A lot of books have been written about idolatry lately. Many Christians are re-discovering Martin Luther’s idea about not being able to break any of t...moreA lot of books have been written about idolatry lately. Many Christians are re-discovering Martin Luther’s idea about not being able to break any of the commandments without initially breaking the first and second. There is sound, biblical truth in these sentiments, and I’m glad that writers like Timothy Keller (Counterfeit Gods) and others have used their talents to practically apply this truth to our context in the 21st century. Add to that list Trevin Wax. His new book, Holy Subversion, is a potent yet practical look at how to address the different idols in our lives.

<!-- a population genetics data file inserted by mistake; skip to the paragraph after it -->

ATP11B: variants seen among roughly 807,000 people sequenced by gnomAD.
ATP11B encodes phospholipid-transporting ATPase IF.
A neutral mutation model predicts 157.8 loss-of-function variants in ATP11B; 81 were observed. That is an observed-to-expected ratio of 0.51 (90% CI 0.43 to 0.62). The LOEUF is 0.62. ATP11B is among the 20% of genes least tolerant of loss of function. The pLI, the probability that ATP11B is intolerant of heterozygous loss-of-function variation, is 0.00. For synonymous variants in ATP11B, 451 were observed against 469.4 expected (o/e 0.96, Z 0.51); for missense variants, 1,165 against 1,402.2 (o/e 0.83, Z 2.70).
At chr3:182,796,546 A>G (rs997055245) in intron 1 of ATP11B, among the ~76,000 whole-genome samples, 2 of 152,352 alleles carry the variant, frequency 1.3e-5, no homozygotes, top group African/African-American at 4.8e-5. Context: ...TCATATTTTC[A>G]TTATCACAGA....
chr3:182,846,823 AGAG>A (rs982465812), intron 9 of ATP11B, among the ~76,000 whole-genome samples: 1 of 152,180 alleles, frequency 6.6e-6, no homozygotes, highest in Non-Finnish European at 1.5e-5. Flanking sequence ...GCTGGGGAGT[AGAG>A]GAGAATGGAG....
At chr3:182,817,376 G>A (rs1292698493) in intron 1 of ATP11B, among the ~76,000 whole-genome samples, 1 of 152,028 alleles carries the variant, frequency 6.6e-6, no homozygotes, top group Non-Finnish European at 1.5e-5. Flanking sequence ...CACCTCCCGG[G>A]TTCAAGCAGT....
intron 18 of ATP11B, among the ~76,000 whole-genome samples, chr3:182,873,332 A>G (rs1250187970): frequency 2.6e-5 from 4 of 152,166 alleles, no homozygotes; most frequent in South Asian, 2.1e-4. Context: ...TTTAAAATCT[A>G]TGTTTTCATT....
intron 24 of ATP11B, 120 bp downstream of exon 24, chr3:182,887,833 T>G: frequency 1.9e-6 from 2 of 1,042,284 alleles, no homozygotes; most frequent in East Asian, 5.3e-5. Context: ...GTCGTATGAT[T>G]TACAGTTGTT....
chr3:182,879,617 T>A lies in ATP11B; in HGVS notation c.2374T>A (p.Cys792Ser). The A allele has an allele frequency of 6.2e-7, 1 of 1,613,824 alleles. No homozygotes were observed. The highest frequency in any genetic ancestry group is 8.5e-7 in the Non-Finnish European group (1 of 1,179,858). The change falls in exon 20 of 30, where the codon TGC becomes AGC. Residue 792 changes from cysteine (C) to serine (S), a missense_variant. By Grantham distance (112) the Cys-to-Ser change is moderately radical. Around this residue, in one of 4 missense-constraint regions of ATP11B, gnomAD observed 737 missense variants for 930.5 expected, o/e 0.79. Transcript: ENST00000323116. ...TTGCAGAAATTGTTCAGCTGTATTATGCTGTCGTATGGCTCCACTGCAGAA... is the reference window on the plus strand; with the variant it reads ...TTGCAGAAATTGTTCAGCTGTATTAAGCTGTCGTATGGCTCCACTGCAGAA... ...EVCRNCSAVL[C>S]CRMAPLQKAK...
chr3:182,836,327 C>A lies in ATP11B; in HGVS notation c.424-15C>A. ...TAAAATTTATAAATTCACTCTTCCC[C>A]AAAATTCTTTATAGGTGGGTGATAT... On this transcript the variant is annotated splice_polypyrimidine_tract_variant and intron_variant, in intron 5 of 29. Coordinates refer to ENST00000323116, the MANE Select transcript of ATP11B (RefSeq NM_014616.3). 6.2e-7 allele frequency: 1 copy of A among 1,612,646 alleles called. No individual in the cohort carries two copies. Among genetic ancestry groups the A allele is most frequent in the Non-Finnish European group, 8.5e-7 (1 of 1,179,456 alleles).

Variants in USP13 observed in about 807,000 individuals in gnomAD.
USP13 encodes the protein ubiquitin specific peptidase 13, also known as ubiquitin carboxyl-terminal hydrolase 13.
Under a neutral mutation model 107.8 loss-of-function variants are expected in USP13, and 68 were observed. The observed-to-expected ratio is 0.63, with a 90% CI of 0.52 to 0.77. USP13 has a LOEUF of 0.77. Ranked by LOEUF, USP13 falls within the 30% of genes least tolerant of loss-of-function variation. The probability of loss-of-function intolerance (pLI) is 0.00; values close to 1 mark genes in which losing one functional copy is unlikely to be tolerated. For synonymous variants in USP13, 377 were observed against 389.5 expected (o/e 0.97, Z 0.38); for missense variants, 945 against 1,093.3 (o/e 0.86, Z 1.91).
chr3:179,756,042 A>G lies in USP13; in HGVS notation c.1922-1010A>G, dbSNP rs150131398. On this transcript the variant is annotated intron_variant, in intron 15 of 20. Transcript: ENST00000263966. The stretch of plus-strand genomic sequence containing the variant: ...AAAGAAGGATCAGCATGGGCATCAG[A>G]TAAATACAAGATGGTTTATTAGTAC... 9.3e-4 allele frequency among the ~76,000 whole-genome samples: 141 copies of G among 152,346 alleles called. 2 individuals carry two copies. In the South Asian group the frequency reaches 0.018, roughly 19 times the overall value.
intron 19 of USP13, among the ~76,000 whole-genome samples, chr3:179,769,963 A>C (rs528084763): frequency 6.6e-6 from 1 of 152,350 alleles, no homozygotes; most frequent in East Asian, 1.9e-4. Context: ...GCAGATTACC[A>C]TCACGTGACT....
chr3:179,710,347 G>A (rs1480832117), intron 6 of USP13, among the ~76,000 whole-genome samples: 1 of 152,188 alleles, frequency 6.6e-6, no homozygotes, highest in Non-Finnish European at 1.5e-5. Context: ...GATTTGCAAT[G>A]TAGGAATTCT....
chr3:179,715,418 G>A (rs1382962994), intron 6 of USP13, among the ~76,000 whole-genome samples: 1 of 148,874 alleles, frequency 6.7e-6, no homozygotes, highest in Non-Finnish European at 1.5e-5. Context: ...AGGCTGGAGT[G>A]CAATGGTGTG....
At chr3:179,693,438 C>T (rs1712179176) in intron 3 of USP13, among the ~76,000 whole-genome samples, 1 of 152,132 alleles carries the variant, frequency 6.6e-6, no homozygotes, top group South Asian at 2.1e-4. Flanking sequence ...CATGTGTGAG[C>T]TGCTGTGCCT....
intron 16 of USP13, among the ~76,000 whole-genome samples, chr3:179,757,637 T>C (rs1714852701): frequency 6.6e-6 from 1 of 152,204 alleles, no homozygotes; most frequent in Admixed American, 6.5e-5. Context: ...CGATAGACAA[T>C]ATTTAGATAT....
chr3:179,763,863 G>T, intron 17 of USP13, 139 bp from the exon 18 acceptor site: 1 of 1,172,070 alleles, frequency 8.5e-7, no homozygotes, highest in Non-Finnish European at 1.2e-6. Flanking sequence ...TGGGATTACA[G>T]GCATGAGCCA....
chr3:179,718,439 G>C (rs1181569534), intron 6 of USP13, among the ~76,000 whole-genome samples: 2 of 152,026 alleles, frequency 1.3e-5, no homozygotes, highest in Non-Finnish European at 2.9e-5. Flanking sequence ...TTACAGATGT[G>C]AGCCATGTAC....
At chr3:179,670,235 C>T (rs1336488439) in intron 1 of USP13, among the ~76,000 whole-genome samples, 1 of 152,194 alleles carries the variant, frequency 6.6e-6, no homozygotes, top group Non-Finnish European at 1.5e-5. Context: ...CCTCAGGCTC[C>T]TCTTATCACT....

What does Wax mean by “subversion”? He operates with this definition: “pushing something back down into its proper place” (26). He compares our time to ancient Rome when Ceasar was declared to be divine and how Christians “subverted” this by refusing to attribute allegiance to him that only God and Christ deserve. He basically sums up the intentions of the book as such then: “[Our] job as Christians is to first identify and unmask some of the more insidious ‘Ceasars’ that seek to muzzle our message and demand our allegiance. Then, we must think through specific ways in which the church can counter our culture by subverting its prevailing idolatries and pushing them back to their rightful place, under the feet of Jesus” (27).
Wax tackles specific “Ceasars” that tend to take precedence in our lives today (success, money, leisure, sex, power) and shows how to keep them in their proper places in our lives. Avoiding legalistic demands on one hand and liberal license on the other, he weaves through the issues, deftly applying biblical truths to real life.